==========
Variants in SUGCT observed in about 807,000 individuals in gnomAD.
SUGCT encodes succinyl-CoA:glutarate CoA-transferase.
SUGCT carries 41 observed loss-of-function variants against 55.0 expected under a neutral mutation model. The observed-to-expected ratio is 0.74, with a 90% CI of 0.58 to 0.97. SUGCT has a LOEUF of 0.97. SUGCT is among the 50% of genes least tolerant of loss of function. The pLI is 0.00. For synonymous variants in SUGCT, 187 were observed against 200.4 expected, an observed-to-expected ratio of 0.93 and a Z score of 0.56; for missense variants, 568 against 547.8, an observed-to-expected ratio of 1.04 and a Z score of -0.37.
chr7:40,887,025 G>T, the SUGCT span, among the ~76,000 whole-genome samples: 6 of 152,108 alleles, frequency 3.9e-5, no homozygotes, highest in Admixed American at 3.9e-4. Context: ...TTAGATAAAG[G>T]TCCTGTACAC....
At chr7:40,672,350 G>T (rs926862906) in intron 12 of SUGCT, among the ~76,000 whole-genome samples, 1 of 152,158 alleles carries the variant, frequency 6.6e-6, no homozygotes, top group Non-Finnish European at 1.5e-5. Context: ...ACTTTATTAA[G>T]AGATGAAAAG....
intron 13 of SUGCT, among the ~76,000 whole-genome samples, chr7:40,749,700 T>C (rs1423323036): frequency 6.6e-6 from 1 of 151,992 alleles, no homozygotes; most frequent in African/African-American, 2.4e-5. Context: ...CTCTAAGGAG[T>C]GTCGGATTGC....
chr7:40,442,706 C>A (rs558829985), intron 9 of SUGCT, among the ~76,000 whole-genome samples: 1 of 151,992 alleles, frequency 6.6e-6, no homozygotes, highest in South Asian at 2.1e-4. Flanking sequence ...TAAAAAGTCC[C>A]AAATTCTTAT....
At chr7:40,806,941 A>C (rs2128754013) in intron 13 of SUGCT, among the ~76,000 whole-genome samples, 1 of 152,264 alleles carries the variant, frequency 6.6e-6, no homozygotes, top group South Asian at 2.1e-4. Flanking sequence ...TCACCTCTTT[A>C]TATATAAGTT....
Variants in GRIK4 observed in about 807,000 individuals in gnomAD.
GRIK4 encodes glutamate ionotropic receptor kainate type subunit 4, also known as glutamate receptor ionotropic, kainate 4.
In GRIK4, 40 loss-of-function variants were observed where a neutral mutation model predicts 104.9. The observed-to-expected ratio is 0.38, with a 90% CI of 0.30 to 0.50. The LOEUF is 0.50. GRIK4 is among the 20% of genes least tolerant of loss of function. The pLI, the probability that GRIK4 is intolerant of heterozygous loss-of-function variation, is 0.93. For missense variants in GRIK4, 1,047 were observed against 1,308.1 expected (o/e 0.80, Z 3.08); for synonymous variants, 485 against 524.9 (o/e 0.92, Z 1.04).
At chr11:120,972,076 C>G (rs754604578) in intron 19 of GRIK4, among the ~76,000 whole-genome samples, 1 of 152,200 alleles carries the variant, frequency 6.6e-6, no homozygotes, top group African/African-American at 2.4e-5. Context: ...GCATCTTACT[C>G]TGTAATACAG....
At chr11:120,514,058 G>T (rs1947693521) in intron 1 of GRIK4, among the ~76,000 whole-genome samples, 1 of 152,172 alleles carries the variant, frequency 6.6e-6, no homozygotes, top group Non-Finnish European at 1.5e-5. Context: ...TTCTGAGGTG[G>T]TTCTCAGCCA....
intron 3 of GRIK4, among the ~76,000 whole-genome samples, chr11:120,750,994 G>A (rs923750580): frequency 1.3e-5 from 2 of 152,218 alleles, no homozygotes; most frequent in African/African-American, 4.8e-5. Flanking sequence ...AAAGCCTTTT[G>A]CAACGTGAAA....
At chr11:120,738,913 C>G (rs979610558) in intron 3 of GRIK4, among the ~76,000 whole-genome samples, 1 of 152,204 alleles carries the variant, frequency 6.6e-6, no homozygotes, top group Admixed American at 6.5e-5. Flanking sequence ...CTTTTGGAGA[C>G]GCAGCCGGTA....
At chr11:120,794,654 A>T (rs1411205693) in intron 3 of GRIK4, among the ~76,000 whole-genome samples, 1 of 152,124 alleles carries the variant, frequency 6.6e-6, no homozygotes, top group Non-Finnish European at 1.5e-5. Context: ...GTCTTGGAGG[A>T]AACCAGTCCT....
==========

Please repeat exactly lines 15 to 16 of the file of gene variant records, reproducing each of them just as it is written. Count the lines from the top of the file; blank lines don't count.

At chr11:120,738,913 C>G (rs979610558) in intron 3 of GRIK4, among the ~76,000 whole-genome samples, 1 of 152,204 alleles carries the variant, frequency 6.6e-6, no homozygotes, top group Admixed American at 6.5e-5. Flanking sequence ...CTTTTGGAGA[C>G]GCAGCCGGTA....
At chr11:120,794,654 A>T (rs1411205693) in intron 3 of GRIK4, among the ~76,000 whole-genome samples, 1 of 152,124 alleles carries the variant, frequency 6.6e-6, no homozygotes, top group Non-Finnish European at 1.5e-5. Context: ...GTCTTGGAGG[A>T]AACCAGTCCT....